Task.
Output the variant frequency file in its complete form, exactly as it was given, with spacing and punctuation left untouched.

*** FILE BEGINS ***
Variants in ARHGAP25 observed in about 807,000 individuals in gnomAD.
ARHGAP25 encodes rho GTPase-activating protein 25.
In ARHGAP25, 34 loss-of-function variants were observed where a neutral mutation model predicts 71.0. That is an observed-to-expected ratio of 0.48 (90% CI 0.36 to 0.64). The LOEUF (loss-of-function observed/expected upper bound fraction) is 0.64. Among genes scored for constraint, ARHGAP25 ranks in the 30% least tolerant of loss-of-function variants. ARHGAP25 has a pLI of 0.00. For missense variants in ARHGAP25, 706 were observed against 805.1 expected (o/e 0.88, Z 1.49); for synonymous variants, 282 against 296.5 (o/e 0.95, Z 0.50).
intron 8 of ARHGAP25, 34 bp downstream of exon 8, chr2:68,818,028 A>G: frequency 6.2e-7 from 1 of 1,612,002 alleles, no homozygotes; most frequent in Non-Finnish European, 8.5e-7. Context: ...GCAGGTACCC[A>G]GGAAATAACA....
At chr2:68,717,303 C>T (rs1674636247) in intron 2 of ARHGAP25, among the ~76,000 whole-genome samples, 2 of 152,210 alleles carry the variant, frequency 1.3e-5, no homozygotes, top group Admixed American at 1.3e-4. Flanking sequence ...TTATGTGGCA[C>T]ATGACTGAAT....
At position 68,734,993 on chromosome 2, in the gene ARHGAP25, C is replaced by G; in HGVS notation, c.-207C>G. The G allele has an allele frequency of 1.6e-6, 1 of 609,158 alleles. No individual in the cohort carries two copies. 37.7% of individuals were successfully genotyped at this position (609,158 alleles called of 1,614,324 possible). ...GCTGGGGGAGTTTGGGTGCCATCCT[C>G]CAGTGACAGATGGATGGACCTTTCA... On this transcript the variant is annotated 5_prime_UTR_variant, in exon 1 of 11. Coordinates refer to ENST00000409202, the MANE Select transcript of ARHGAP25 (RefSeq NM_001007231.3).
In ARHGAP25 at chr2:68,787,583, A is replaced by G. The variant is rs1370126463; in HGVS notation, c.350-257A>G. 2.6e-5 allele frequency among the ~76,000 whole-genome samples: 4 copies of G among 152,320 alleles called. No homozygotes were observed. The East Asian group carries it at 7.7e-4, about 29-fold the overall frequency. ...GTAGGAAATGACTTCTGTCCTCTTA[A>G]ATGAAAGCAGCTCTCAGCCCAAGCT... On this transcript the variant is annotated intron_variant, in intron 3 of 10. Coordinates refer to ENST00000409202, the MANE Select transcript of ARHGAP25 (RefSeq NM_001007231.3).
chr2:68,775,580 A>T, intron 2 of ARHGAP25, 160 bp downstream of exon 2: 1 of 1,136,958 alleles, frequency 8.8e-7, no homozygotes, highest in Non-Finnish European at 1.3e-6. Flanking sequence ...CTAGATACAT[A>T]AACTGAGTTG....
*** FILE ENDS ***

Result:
Variants in ARHGAP25 observed in about 807,000 individuals in gnomAD.
ARHGAP25 encodes rho GTPase-activating protein 25.
In ARHGAP25, 34 loss-of-function variants were observed where a neutral mutation model predicts 71.0. That is an observed-to-expected ratio of 0.48 (90% CI 0.36 to 0.64). The LOEUF (loss-of-function observed/expected upper bound fraction) is 0.64. Among genes scored for constraint, ARHGAP25 ranks in the 30% least tolerant of loss-of-function variants. ARHGAP25 has a pLI of 0.00. For missense variants in ARHGAP25, 706 were observed against 805.1 expected (o/e 0.88, Z 1.49); for synonymous variants, 282 against 296.5 (o/e 0.95, Z 0.50).
intron 8 of ARHGAP25, 34 bp downstream of exon 8, chr2:68,818,028 A>G: frequency 6.2e-7 from 1 of 1,612,002 alleles, no homozygotes; most frequent in Non-Finnish European, 8.5e-7. Context: ...GCAGGTACCC[A>G]GGAAATAACA....
At chr2:68,717,303 C>T (rs1674636247) in intron 2 of ARHGAP25, among the ~76,000 whole-genome samples, 2 of 152,210 alleles carry the variant, frequency 1.3e-5, no homozygotes, top group Admixed American at 1.3e-4. Flanking sequence ...TTATGTGGCA[C>T]ATGACTGAAT....
At position 68,734,993 on chromosome 2, in the gene ARHGAP25, C is replaced by G; in HGVS notation, c.-207C>G. The G allele has an allele frequency of 1.6e-6, 1 of 609,158 alleles. No individual in the cohort carries two copies. 37.7% of individuals were successfully genotyped at this position (609,158 alleles called of 1,614,324 possible). ...GCTGGGGGAGTTTGGGTGCCATCCT[C>G]CAGTGACAGATGGATGGACCTTTCA... On this transcript the variant is annotated 5_prime_UTR_variant, in exon 1 of 11. Coordinates refer to ENST00000409202, the MANE Select transcript of ARHGAP25 (RefSeq NM_001007231.3).
In ARHGAP25 at chr2:68,787,583, A is replaced by G. The variant is rs1370126463; in HGVS notation, c.350-257A>G. 2.6e-5 allele frequency among the ~76,000 whole-genome samples: 4 copies of G among 152,320 alleles called. No homozygotes were observed. The East Asian group carries it at 7.7e-4, about 29-fold the overall frequency. ...GTAGGAAATGACTTCTGTCCTCTTA[A>G]ATGAAAGCAGCTCTCAGCCCAAGCT... On this transcript the variant is annotated intron_variant, in intron 3 of 10. Coordinates refer to ENST00000409202, the MANE Select transcript of ARHGAP25 (RefSeq NM_001007231.3).
chr2:68,775,580 A>T, intron 2 of ARHGAP25, 160 bp downstream of exon 2: 1 of 1,136,958 alleles, frequency 8.8e-7, no homozygotes, highest in Non-Finnish European at 1.3e-6. Flanking sequence ...CTAGATACAT[A>T]AACTGAGTTG....